The birth of a new baby is publicized to be a very happy time for the mother, but the truth is a significant number of mothers experience postpartum depression. The exact cause of this condition is hard to pinpoint. Hormonal changes and lack of sufficient sleep are key factors, but there is more to it. The most important thing for new mothers to understand is that postpartum depression is not their fault or linked to actions they did or did not take during pregnancy.
It is easy enough to understand how a new mother, and especially a first-time mother, might feel overwhelmed by the challenge she faces. Family and friends expect her to be overjoyed at the new addition to the family but her instead of being upbeat she considers herself poorly suited to motherhood. It is quite natural to experience these kinds of emotions now and again, but postpartum depression makes her feel in this low state much of the time. It is extremely difficult for her to see the light at the end of the tunnel and this despair aggravates her condition.
A desire for social isolation
Normally you would expect the new mother to take delight showing off her baby to family and friends. If she is suffering from this kind of depression is it more likely she will want other people to leave her alone. After the birth, she needs more time to rest and sleep, but her anti-social feelings go far beyond this level. It is yet another sign of the emotional and mental turmoil that she is experiencing.
In its most extreme manifestation, postpartum depression can cause the woman to have suicidal tendencies. A sense of unworthiness could combine with a desire to escape from the challenge through suicide. While a considerable number of women with this illness may have such thoughts in a passing sense very few are going to attempt anything. Nevertheless, nobody can know the workings of their minds in the depths of depression. Even a remote possibility of self-harm must be treated seriously, and the appropriate precautions are taken.
Lack of bonding with the baby
Sufferers from postpartum depression frequently find it very difficult to bond with the newborn baby. Often it does take time for the mother to bond with the child in this way even if she is not depressed, but this is something much more severe than the normal delayed bonding. The mother is dismayed when she remains emotionally detached without that powerful affection she longed to feel. It is possible that she will not want to be involved in caring for the baby or even not want to see him or her. An experienced hospital staff should know how best to handle these delicate situations.
The angry mother
New mothers can sometimes be very irritable. They might react with unusual anger to a seemingly innocent remark from a family member. Or they could take out their frustration on the hospital staff. One extreme manifestation of this anger focuses on the newborn. After all, the newborn child is directly responsible for them being in this predicament. Since a deeply depressed mother could potentially harm her baby, the doctors and nurses must be alert to what she is going through and take whatever precautions proved necessary.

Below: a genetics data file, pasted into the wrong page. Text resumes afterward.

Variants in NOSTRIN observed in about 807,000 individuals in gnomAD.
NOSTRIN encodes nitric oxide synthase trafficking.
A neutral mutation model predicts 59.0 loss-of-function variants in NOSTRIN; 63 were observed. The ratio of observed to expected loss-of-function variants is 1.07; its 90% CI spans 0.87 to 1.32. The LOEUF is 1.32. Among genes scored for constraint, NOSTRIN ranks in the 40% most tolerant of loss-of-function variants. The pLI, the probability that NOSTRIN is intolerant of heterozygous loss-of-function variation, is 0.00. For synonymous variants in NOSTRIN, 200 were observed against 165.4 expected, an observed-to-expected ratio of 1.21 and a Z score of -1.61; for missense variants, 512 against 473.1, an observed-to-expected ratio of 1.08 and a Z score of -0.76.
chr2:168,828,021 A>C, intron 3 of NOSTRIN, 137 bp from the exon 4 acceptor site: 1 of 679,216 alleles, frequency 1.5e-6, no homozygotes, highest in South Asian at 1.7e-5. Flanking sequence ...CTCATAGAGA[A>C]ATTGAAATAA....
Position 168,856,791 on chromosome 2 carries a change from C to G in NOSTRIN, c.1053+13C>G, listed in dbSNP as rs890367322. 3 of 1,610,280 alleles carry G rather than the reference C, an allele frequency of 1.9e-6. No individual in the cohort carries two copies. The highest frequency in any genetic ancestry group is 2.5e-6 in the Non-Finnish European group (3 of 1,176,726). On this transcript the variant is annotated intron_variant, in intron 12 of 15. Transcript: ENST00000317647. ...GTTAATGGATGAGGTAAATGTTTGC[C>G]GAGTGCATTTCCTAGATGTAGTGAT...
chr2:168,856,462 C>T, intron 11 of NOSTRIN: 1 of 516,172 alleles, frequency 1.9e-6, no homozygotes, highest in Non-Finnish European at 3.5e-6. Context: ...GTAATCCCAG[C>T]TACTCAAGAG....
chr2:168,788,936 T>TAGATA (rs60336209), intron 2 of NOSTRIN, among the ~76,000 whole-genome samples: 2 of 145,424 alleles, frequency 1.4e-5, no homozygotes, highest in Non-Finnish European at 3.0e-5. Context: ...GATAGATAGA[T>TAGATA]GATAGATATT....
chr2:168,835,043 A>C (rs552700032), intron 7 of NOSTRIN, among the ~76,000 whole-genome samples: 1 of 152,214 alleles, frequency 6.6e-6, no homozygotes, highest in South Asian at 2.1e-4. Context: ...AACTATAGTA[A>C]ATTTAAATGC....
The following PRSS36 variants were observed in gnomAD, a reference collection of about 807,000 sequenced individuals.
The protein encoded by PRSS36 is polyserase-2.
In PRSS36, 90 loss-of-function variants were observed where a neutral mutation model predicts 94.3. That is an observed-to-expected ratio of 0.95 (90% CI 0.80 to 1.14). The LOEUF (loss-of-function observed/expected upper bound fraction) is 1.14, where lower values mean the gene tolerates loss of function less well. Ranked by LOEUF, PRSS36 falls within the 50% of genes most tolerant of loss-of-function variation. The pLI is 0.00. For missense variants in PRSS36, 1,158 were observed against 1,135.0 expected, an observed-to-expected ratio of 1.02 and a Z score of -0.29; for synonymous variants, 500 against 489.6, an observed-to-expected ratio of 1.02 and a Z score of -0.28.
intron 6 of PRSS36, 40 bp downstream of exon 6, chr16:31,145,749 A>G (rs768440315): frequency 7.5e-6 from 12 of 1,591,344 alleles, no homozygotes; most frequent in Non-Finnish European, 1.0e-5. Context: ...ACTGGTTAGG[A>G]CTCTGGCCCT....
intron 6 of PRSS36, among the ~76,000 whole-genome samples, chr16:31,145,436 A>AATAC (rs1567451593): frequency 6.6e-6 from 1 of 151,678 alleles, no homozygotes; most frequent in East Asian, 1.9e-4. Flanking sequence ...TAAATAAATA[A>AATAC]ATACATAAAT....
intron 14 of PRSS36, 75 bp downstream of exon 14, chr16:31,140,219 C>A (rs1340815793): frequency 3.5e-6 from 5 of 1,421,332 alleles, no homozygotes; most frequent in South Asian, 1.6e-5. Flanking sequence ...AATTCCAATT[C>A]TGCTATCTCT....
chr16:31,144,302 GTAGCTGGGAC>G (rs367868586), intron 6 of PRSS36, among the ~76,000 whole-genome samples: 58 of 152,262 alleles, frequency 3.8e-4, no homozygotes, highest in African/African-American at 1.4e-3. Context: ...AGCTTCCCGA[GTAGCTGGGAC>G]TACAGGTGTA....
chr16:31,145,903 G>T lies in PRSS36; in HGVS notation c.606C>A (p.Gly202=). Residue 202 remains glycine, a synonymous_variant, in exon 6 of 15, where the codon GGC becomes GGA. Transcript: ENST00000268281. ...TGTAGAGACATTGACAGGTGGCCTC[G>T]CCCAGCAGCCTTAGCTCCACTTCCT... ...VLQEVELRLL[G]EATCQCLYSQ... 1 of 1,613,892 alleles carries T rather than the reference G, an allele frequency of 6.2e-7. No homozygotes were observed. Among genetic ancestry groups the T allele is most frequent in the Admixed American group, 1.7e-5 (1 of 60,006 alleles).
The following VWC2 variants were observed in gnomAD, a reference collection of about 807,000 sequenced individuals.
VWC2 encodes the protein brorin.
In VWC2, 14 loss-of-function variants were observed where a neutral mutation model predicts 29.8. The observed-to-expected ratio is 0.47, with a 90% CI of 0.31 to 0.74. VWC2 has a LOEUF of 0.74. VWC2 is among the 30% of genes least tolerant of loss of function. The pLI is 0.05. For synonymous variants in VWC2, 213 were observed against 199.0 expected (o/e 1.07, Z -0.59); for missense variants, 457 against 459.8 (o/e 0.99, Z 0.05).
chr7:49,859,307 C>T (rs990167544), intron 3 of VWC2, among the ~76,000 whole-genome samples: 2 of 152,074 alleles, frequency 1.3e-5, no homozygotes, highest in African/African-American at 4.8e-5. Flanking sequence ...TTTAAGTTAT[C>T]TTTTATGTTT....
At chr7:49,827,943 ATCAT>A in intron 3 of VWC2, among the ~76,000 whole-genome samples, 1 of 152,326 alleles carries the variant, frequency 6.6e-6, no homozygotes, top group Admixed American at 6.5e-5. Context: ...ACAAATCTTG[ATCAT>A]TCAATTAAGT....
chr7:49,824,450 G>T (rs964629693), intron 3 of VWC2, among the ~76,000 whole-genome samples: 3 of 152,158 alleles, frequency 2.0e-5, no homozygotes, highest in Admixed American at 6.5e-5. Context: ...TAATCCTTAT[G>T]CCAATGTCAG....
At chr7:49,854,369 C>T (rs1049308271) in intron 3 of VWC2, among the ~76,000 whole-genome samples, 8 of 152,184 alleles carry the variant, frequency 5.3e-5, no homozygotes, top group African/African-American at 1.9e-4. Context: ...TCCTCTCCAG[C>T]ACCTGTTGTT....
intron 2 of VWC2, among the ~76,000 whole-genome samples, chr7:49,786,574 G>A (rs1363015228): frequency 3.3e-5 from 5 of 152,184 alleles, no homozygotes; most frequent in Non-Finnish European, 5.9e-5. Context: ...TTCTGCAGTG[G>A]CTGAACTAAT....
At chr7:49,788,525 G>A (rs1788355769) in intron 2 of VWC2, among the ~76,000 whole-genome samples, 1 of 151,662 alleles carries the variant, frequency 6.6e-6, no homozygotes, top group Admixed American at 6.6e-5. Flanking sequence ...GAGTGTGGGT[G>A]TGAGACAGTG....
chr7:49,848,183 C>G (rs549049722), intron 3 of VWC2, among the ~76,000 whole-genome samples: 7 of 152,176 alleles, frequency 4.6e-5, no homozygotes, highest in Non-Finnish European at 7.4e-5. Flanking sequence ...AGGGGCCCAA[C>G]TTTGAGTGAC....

Tears after birth are to be expected, but if the new mother seems to cry constantly and will not calm down, she is probably suffering from postpartum depression symptom. She has effectively lost control of her normal emotions, and this continual crying is the outward expression of her inner problem. Her condition requires a great deal of understand and compassion. Experienced hospital staff will advise on the best approach to follow.
Closed to all logical reasoning
When a woman is so clearly depressed the natural actions of those around them is to try to get her to see the brighter side of life. While this may work in many situations if she has postpartum depression, it is impossible to reassure her. Continued efforts to reassure her may have the opposite effect. Instead of finding comfort in the words of family and friends she finds their reassurances insincere.
Difficulties getting to sleep
Nobody expects a new mother to have an easy time getting to sleep. New babies need regular feeding and whether she is breast or bottle-feeding she needs to interrupt her sleep to attend to the baby’s needs. This takes a physical and emotional toll from any woman. If she gets a postpartum depression, she might often oversleep, or be unable to make use of the time when the baby sleeps to catch up on her sleep. The lack of sleep only serves to aggravate her mental problems.
A powerful sense of guilt
The fact that this woman finds it so hard to cope after birth leads to her feeling very guilty. Consequently, she might try to hide her true feelings from family and friends. Hiding information that reveals her depressed state can only worsen her situation. If people around her don’t understand what she is experiencing they will be unable to give her the support she requires.
It is common to draw a line demarking physical and emotional pains, but today many medical experts argue they are interconnected. In addition to the negative mood and antisocial behavior issues, the women with postpartum depression might suffer from regular headaches. They could also start to feel pains in their muscles and the stomach area. Doctors need to investigate these pains to ensure that there is no physical damage sustained during the birth. If everything seems to fine in this area suspect a link to depression.